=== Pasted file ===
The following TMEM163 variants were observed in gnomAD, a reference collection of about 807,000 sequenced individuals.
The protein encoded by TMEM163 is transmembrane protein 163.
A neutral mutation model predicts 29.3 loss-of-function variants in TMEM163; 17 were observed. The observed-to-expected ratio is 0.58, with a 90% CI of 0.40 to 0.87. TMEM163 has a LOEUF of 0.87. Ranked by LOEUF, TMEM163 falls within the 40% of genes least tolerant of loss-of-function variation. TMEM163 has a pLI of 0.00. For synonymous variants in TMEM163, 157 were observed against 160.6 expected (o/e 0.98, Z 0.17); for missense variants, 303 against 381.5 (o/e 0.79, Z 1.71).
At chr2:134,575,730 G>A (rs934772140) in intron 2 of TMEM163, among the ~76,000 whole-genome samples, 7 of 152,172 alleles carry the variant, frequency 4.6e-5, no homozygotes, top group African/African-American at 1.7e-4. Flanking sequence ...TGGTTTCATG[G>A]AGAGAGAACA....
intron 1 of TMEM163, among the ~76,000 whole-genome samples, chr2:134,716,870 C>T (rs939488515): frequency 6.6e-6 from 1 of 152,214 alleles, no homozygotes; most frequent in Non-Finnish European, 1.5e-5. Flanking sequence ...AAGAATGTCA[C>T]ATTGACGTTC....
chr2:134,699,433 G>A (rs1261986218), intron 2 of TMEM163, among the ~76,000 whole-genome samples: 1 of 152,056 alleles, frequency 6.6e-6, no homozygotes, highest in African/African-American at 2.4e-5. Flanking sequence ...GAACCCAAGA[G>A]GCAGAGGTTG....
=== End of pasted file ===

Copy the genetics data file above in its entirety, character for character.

The following TMEM163 variants were observed in gnomAD, a reference collection of about 807,000 sequenced individuals.
The protein encoded by TMEM163 is transmembrane protein 163.
A neutral mutation model predicts 29.3 loss-of-function variants in TMEM163; 17 were observed. The observed-to-expected ratio is 0.58, with a 90% CI of 0.40 to 0.87. TMEM163 has a LOEUF of 0.87. Ranked by LOEUF, TMEM163 falls within the 40% of genes least tolerant of loss-of-function variation. TMEM163 has a pLI of 0.00. For synonymous variants in TMEM163, 157 were observed against 160.6 expected (o/e 0.98, Z 0.17); for missense variants, 303 against 381.5 (o/e 0.79, Z 1.71).
At chr2:134,575,730 G>A (rs934772140) in intron 2 of TMEM163, among the ~76,000 whole-genome samples, 7 of 152,172 alleles carry the variant, frequency 4.6e-5, no homozygotes, top group African/African-American at 1.7e-4. Flanking sequence ...TGGTTTCATG[G>A]AGAGAGAACA....
intron 1 of TMEM163, among the ~76,000 whole-genome samples, chr2:134,716,870 C>T (rs939488515): frequency 6.6e-6 from 1 of 152,214 alleles, no homozygotes; most frequent in Non-Finnish European, 1.5e-5. Flanking sequence ...AAGAATGTCA[C>T]ATTGACGTTC....
chr2:134,699,433 G>A (rs1261986218), intron 2 of TMEM163, among the ~76,000 whole-genome samples: 1 of 152,056 alleles, frequency 6.6e-6, no homozygotes, highest in African/African-American at 2.4e-5. Flanking sequence ...GAACCCAAGA[G>A]GCAGAGGTTG....